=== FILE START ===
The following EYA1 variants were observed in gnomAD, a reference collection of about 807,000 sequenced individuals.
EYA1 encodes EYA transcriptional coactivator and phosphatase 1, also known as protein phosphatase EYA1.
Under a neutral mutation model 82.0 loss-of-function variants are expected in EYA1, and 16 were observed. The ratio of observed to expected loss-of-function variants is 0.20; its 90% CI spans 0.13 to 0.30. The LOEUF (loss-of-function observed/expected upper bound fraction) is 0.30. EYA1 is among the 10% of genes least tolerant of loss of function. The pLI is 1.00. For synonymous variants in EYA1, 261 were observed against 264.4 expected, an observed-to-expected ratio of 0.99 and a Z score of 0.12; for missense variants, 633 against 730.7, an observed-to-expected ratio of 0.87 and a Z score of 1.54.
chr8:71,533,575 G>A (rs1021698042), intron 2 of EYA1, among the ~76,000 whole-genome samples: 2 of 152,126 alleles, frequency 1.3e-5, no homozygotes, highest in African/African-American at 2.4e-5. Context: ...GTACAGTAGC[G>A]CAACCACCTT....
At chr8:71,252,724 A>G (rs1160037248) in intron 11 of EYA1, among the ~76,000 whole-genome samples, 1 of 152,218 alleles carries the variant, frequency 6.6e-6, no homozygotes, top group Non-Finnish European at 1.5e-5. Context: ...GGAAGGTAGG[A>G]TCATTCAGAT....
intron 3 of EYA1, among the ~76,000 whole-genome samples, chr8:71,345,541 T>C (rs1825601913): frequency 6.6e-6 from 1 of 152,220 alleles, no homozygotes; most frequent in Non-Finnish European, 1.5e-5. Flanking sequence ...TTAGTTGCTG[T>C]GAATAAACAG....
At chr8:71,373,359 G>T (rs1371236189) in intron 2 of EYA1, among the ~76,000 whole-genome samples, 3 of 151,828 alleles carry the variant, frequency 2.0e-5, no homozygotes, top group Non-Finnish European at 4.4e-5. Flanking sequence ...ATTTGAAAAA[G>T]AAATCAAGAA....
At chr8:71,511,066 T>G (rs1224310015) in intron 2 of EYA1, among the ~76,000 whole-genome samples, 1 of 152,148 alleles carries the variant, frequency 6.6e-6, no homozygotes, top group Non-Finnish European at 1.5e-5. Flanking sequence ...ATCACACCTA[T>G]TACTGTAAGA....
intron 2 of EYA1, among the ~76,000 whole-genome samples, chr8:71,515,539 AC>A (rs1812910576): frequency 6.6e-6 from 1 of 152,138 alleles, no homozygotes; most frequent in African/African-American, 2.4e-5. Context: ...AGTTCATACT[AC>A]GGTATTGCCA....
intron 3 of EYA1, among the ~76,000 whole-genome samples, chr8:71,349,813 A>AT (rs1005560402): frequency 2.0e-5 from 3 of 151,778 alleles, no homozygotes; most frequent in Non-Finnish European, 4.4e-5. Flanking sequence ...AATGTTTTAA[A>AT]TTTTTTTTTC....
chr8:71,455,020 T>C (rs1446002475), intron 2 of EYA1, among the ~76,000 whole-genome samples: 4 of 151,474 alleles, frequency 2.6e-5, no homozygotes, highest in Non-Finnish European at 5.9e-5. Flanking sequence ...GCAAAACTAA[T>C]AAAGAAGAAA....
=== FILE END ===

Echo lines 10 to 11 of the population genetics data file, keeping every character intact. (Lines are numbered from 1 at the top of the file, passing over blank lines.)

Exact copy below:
intron 3 of EYA1, among the ~76,000 whole-genome samples, chr8:71,349,813 A>AT (rs1005560402): frequency 2.0e-5 from 3 of 151,778 alleles, no homozygotes; most frequent in Non-Finnish European, 4.4e-5. Flanking sequence ...AATGTTTTAA[A>AT]TTTTTTTTTC....
chr8:71,455,020 T>C (rs1446002475), intron 2 of EYA1, among the ~76,000 whole-genome samples: 4 of 151,474 alleles, frequency 2.6e-5, no homozygotes, highest in Non-Finnish European at 5.9e-5. Flanking sequence ...GCAAAACTAA[T>C]AAAGAAGAAA....